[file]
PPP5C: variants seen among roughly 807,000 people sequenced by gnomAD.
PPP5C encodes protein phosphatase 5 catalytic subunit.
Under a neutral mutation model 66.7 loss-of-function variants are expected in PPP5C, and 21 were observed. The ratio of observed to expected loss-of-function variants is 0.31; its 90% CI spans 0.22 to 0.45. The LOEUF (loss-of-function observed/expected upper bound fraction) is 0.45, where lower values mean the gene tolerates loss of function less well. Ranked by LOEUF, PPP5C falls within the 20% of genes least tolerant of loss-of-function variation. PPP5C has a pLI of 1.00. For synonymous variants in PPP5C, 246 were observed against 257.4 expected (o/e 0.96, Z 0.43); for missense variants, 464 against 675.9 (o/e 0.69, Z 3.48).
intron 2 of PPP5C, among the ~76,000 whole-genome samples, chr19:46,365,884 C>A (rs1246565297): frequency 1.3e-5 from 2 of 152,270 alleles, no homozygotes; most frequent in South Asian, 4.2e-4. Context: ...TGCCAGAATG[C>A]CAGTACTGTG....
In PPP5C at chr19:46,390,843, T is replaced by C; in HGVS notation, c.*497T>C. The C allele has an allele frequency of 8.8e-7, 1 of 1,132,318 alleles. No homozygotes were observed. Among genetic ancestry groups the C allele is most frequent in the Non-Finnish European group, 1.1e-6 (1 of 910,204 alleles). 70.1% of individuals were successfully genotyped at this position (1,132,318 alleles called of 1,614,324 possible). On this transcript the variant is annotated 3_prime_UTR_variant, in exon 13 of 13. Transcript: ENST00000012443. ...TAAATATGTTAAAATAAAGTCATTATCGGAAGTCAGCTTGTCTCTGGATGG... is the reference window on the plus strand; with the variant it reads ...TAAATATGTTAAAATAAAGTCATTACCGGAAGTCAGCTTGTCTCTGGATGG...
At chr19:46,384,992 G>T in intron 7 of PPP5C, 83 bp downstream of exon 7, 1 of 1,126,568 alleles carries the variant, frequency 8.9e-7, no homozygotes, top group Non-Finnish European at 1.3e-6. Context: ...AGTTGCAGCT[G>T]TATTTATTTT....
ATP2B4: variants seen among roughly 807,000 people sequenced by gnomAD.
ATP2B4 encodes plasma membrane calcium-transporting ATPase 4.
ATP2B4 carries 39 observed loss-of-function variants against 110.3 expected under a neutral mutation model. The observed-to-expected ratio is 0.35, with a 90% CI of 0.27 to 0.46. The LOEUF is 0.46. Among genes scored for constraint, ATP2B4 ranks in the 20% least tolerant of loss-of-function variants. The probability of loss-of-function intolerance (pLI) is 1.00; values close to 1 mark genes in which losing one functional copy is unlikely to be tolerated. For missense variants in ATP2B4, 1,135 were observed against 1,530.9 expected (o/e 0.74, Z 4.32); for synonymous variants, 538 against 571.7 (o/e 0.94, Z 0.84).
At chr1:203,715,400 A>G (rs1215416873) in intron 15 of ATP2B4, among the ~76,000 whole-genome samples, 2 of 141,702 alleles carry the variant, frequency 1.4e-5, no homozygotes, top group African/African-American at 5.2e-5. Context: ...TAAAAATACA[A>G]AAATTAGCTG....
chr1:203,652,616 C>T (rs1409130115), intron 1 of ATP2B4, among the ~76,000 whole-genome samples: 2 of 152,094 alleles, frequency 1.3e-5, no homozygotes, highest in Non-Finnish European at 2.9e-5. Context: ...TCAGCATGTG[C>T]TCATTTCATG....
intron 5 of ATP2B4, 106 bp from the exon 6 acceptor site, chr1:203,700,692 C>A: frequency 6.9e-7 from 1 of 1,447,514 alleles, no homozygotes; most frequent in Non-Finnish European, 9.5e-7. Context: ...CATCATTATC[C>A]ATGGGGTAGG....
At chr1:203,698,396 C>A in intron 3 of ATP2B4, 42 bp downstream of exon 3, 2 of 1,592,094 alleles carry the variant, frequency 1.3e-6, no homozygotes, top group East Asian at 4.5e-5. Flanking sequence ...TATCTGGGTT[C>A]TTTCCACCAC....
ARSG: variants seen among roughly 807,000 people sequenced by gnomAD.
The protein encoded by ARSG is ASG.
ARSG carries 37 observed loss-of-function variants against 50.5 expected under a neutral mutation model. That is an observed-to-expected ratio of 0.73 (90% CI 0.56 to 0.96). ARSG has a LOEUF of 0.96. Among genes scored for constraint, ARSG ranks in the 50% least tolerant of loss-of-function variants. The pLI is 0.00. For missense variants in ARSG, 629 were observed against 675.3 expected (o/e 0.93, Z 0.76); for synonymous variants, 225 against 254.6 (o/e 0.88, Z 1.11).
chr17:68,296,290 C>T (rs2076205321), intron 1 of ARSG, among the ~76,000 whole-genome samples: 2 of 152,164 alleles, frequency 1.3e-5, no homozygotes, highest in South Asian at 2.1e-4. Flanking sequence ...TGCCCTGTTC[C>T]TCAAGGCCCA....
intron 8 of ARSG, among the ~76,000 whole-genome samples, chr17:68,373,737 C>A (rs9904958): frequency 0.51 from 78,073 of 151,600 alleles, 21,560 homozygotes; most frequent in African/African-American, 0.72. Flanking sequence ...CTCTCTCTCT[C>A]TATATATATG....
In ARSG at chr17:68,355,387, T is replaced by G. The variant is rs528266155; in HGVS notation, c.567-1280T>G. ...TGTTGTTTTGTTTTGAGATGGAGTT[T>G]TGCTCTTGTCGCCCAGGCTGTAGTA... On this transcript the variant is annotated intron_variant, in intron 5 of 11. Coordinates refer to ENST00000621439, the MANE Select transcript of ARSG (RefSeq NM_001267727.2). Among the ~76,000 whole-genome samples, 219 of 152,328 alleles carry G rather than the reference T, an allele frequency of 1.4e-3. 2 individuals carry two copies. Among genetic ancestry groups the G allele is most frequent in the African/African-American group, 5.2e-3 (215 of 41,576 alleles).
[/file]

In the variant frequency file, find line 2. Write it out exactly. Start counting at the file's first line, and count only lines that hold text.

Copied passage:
PPP5C encodes protein phosphatase 5 catalytic subunit.